Once championed by none other than her former touring mate Morrissey, New York singer Kristeen Young constructs eccentric sonic structures that contrast her birdlike Kate Bush–style trills with densely cluttered backing. Songs like "Depression Contest" and the aptly titled "Comfort Is Never a Goal" are pumped up with aggressive piano accents, even as her arty vocals spiral airily above the mechanized madness. This combination of ethereal spaciness and assembly-line rhythms is unique, and it should prove fascinating to see how Young strips down her studio creations at this intimate venue for singer-songwriters. FALLING JAMES
The Slackers - Sunday, June 21 - Crescent Ballroom
Ska legends The Slackers began rehearsing on the Lower East Side of New York City in 1991. Since 1997 they've adopted a prolific touring schedule, averaging over one-hundred shows per year. Saxophonist Dave Hillyard thinks part of their appeal derived from good timing: “The funny thing is that the music industry has changed. Live music is what it’s all about now,” he says. “I guess we were unintentionally ahead of the curve." The Slackers' live shows have taken them across the globe and back, from Berlin to Sao Paolo. Still, Dave is indifferent to traveling. "I like playing shows. I enjoy playing Cleveland and Kansas City. We’ve been playing weekday shows in Orlando since the '90s. And sometimes the city outside doesn’t matter. What matters is going on inside, at the club."
Beyond the groove and intimate clubs, The Slackers lyrics reach deep within and far without, from melancholy to war crimes through dark-humored but danceable aggression. The band’s International War Criminal was such an explicit attack against the Bush administration, it featured a demonic caricature of W. on its cover. But the band isn’t strictly political. Dave recognizes the genre’s historical roots in Jamaican independence but insists, “Ska isn’t inherently political music. It's inherently social music, as dance music. It brings people together with themes of unity and harmony."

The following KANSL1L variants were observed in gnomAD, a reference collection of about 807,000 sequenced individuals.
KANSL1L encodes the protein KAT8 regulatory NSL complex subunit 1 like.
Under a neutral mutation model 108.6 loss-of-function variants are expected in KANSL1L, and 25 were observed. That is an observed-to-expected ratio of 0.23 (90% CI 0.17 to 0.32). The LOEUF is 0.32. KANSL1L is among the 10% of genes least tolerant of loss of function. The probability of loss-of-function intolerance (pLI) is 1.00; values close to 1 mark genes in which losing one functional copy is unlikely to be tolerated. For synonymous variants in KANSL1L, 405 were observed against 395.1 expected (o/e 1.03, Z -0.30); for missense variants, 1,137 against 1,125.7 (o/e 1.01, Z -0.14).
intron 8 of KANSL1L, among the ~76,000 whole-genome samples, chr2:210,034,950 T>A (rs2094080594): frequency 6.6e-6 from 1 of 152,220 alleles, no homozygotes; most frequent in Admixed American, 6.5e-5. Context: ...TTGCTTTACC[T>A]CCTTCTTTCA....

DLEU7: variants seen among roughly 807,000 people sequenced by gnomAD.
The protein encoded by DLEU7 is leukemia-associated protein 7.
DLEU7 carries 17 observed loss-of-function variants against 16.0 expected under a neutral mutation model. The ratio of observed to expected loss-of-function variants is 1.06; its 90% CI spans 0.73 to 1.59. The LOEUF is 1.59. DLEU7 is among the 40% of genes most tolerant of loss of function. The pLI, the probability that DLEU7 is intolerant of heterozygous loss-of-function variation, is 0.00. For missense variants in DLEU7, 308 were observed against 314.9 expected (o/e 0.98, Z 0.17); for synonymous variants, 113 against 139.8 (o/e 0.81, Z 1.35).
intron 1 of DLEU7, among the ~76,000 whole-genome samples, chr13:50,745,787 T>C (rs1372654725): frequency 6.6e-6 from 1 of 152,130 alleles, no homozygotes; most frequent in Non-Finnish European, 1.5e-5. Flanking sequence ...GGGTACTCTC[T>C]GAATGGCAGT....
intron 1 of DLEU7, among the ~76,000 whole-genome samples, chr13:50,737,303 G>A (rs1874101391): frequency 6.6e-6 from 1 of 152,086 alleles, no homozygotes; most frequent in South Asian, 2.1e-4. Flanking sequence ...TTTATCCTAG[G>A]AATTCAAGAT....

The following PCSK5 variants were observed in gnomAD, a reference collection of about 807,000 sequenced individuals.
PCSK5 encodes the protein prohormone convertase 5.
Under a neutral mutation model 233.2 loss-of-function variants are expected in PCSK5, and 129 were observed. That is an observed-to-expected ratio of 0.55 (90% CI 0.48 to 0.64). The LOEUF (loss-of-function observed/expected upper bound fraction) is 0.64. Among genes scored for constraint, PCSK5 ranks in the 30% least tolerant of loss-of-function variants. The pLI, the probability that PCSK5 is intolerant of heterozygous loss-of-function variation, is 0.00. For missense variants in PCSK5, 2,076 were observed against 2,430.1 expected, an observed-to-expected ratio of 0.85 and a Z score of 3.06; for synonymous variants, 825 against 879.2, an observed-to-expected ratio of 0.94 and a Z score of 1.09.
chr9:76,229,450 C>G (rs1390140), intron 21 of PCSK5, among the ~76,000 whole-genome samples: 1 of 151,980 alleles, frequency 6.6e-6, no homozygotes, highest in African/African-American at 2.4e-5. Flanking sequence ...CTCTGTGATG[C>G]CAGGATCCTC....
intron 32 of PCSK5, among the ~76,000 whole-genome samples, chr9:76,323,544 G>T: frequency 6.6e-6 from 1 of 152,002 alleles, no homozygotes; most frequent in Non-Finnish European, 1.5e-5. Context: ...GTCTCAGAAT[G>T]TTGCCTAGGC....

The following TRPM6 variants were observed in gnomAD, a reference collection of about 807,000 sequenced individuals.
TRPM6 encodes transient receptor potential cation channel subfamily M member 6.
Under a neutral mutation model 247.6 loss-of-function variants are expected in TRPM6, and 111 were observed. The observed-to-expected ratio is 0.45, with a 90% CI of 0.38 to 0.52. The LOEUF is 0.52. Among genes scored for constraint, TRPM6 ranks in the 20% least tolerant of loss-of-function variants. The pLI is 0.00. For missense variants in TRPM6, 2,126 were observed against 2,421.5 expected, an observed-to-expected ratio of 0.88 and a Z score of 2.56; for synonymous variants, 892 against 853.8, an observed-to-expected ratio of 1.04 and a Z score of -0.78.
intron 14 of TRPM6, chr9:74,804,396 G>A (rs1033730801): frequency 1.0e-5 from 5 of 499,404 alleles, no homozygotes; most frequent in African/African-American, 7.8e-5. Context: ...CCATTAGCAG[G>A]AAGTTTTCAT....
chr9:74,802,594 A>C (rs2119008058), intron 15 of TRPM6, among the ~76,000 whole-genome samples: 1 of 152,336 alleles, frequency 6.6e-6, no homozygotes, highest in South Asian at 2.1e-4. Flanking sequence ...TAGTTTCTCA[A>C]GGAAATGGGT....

Dave’s main goal is to get fans to dance. But if fans do decide to dig deeper into the songs’ meanings, The Slackers are cool with that too. "We try to have little bits of wisdom but we don’t want to preach. Musicians are only so knowledgeable. Sometimes we have great insight but it’s often just a one liner, not a manifesto." DYLLAN FURNESS
Cake - Sunday, June 21 - Marquee Theatre
"Just another one hit wonder," mused music critics when Sacramento, California alternative pop act Cake first came onto the scene in the'90s, with its pervasive hit "Going the Distance." Led by singer John McCrea's dissafected speak-sing style, its deep baselines, and heavy funk grooves, the song smothered commercial radio, cathcing fire as a frat pary anthem and an arena rock-ready rally cry. But Cake perservered past the naysayers. On that same album, Fashion Nugget, a cover of Gloria Gaynor's "I Will Survive" garnered nearly as much mass appeal as the first breakout smash. Many decided this cover of the disco classic was sarcastic or smug, but according to McCrea, the band's intent was anything but. "We were completely sincere with ["I Will Survive"] we wanted to create an angrier version, from a male perspective," revealed the congenial lead singer from his Northern California home.